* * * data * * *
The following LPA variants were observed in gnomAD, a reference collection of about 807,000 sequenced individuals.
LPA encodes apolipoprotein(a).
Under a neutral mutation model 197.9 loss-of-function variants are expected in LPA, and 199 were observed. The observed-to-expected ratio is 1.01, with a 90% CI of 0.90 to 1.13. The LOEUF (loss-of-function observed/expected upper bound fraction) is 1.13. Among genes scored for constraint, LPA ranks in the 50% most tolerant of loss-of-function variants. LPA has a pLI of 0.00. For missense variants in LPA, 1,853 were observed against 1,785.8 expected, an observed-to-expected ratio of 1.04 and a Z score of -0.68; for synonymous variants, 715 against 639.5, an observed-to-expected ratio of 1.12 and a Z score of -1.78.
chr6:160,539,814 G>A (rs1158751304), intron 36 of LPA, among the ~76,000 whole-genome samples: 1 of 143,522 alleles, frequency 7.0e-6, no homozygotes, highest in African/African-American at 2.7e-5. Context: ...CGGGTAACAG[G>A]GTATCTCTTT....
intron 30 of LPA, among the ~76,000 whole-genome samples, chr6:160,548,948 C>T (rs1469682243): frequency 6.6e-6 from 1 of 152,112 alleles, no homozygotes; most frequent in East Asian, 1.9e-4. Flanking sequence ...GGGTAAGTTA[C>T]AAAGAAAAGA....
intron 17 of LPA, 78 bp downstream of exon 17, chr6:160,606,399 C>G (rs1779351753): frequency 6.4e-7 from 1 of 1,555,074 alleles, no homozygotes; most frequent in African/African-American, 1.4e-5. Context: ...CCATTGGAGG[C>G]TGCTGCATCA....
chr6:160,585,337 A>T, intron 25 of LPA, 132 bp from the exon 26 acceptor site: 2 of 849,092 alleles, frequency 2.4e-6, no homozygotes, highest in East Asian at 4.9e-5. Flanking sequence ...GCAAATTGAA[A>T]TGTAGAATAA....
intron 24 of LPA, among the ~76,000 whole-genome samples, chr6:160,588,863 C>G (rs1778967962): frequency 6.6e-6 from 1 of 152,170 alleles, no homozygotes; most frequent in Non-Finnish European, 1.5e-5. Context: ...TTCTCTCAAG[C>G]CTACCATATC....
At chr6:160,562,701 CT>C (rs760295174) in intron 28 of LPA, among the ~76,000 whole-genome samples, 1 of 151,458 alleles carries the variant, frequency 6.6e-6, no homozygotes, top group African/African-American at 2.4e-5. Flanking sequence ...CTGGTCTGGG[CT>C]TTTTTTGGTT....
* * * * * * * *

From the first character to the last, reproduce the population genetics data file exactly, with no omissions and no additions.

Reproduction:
The following LPA variants were observed in gnomAD, a reference collection of about 807,000 sequenced individuals.
LPA encodes apolipoprotein(a).
Under a neutral mutation model 197.9 loss-of-function variants are expected in LPA, and 199 were observed. The observed-to-expected ratio is 1.01, with a 90% CI of 0.90 to 1.13. The LOEUF (loss-of-function observed/expected upper bound fraction) is 1.13. Among genes scored for constraint, LPA ranks in the 50% most tolerant of loss-of-function variants. LPA has a pLI of 0.00. For missense variants in LPA, 1,853 were observed against 1,785.8 expected, an observed-to-expected ratio of 1.04 and a Z score of -0.68; for synonymous variants, 715 against 639.5, an observed-to-expected ratio of 1.12 and a Z score of -1.78.
chr6:160,539,814 G>A (rs1158751304), intron 36 of LPA, among the ~76,000 whole-genome samples: 1 of 143,522 alleles, frequency 7.0e-6, no homozygotes, highest in African/African-American at 2.7e-5. Context: ...CGGGTAACAG[G>A]GTATCTCTTT....
intron 30 of LPA, among the ~76,000 whole-genome samples, chr6:160,548,948 C>T (rs1469682243): frequency 6.6e-6 from 1 of 152,112 alleles, no homozygotes; most frequent in East Asian, 1.9e-4. Flanking sequence ...GGGTAAGTTA[C>T]AAAGAAAAGA....
intron 17 of LPA, 78 bp downstream of exon 17, chr6:160,606,399 C>G (rs1779351753): frequency 6.4e-7 from 1 of 1,555,074 alleles, no homozygotes; most frequent in African/African-American, 1.4e-5. Context: ...CCATTGGAGG[C>G]TGCTGCATCA....
chr6:160,585,337 A>T, intron 25 of LPA, 132 bp from the exon 26 acceptor site: 2 of 849,092 alleles, frequency 2.4e-6, no homozygotes, highest in East Asian at 4.9e-5. Flanking sequence ...GCAAATTGAA[A>T]TGTAGAATAA....
intron 24 of LPA, among the ~76,000 whole-genome samples, chr6:160,588,863 C>G (rs1778967962): frequency 6.6e-6 from 1 of 152,170 alleles, no homozygotes; most frequent in Non-Finnish European, 1.5e-5. Context: ...TTCTCTCAAG[C>G]CTACCATATC....
At chr6:160,562,701 CT>C (rs760295174) in intron 28 of LPA, among the ~76,000 whole-genome samples, 1 of 151,458 alleles carries the variant, frequency 6.6e-6, no homozygotes, top group African/African-American at 2.4e-5. Flanking sequence ...CTGGTCTGGG[CT>C]TTTTTTGGTT....